Dr Gavin: The new AACE Guidelines attempt to help the clinician make the best decision for patients. The goals included simplification and ease of communication to providers...to use a method of stratification of patient risk that incorporates a measure that is available to everybody—the HbA1c—not duration of disease, not symptoms or lack of symptoms, but the entry level HbA1c that represents the entry level of risk factors. The algorithm provides a pathway for making a treatment decision based on whether patients are candidates for monotherapy or dual therapy, what combinations would be appropriate, and what generally makes sense for patients who meet certain criteria.
Dr Freeman: One thing is that the new AACE guidelines are encompassing, and that's favorable because drugs are presented within the scope of where they can be used by clinicians treating diabetes. The previous ADA/EASD [European Association for the Study of Diabetes] algorithm was somewhat exclusionary of various drugs for a variety of reasons.
Dr Gavin: One of the other differences between this algorithm and the ADA/EASD is the degree to which the DPP-4 inhibitors and the GLP-1 agonists really figure a lot more prominently.
The Challenges of Lifestyle Modification
Dr Gavin: Some patients will be more successful in terms of what they do and what they accomplish with lifestyle modifications. Some people really believe in it, and they're zealots about it. Some patients become frustrated if they don't achieve adequate results from attempts at lifestyle modifications, so we move more quickly in adding pharmacotherapies in those cases. Every drug that has ever been approved for the treatment of T2DM is predicated on being an adjunct to lifestyle modifications.
Newer Algorithms: Role of Incretin-Based Therapies
Dr Stolar: Incretin deficiency is a major physiologic defect. It is a clearly documented deficiency that seems to be present in virtually all patients with T2DM, although the reason for this remains unclear. There is a valid evidence base that the incretin defect can be addressed in virtually all patients with T2DM, with varying degrees of clinical success.
Dr. Stolar: The AACE algorithm does a much better job than the ADA guideline in both achieving and maintaining glycemic control—the ADA algorithm puts agents with documented durability and preservation of β-cell function either below the “recommended” dotted line or not on it at all. Incretin-based therapies remain very valuable in their impact on β-cell function.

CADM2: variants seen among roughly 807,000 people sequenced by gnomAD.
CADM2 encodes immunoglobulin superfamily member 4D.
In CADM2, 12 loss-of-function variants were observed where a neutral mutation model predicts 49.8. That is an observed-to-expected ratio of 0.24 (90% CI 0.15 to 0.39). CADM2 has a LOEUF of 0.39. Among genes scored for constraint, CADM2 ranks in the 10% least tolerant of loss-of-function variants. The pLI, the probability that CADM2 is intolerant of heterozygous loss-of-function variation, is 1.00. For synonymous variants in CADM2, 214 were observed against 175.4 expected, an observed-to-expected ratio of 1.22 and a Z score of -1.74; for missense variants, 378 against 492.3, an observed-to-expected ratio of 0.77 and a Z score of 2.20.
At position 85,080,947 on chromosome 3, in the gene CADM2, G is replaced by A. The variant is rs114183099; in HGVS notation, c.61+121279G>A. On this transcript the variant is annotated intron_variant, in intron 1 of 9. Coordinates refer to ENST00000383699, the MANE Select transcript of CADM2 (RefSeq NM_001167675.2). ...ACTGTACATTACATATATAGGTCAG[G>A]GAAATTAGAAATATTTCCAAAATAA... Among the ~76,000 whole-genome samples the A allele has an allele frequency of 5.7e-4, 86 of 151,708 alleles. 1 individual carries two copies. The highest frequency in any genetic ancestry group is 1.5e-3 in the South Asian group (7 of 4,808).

Dr Freeman: The expectation of trust is a critical component of the physician-patient relationship. The patient should not fear telling the truth...if they are taking a three times daily medication once a day, or not at all, they should not be reluctant to tell the doctor that they are not taking it three times a day.
Dr Freeman: A key concept is to progress therapy carefully because there are toxicity issues and drug interactions. Some patients have aversions to needles, and the challenge for those individuals is to show them the injection process and how easy it is. Once they have self-injected, it is usually not a problem, and the barrier is overcome.
Dr Spellman: It is important to keep in mind that the patient is the one with the disease, and he or she should assume responsibility for participating in the management of the disease. The clinician's job is to make recommendations and show the patient what is available.
Dr Gavin: Clinicians should try to help patients understand why the medicine is helping; that insight will drive patients' change in behavior. This takes time because clinicians have to teach and demonstrate.
Dr Stolar: Clinicians spend too much time focusing on the numbers and not enough time on helping the patient understand what is going on with their disease at each visit. If the HbA1c comes down, the patient should understand why he or she was successful. Conversely, if the patient is doing poorly, he or she should understand how the clinician can address the failures.
Dr Spellman: The physician's job is to outline a course of action. It is the patient's job to implement and the provider's job to guide them. Be aggressive early on and always emphasize the cornerstones of management—sugars, blood pressure, and lipids.
Dr Freeman: Be sensitive to the patient's needs. Be flexible. Be aggressive in achieving glycemic control, but be very cautious and careful. Consider whether a medication regimen fits the needs of the patient. Try to give incentives for the patient in some way, at least to inspire them to be part of the team in terms of taking care of diabetes in a very holistic manner.
Dr Gavin: We actually have better tools emerging than we have had before. We are seeing a transition in terms of the tools that are available to manage diabetes. Our challenge is going to be to make sure that, at all times, we balance efficacy, safety, and cost in ways in which we can leverage these tools to the best benefit of patients.
Dr. Stolar: The problem is that we have been doing reactive “bottom-up” management rather than treating top-down. Rather than being aggressive early in the disease, with combination therapies to normalize blood sugars and then backing off, as we do for other disease states, we do reactive management as treatment fails. Becoming aggressive only when the disease has progressed cannot work in this disease model as β-cell loss continues its inevitable progression. Earlier treatment is far more durable as you have modified the disease by addressing β-cell function earlier. It is a difficult disease to treat when forced to play catch-up, which epitomizes “bottom-up” management.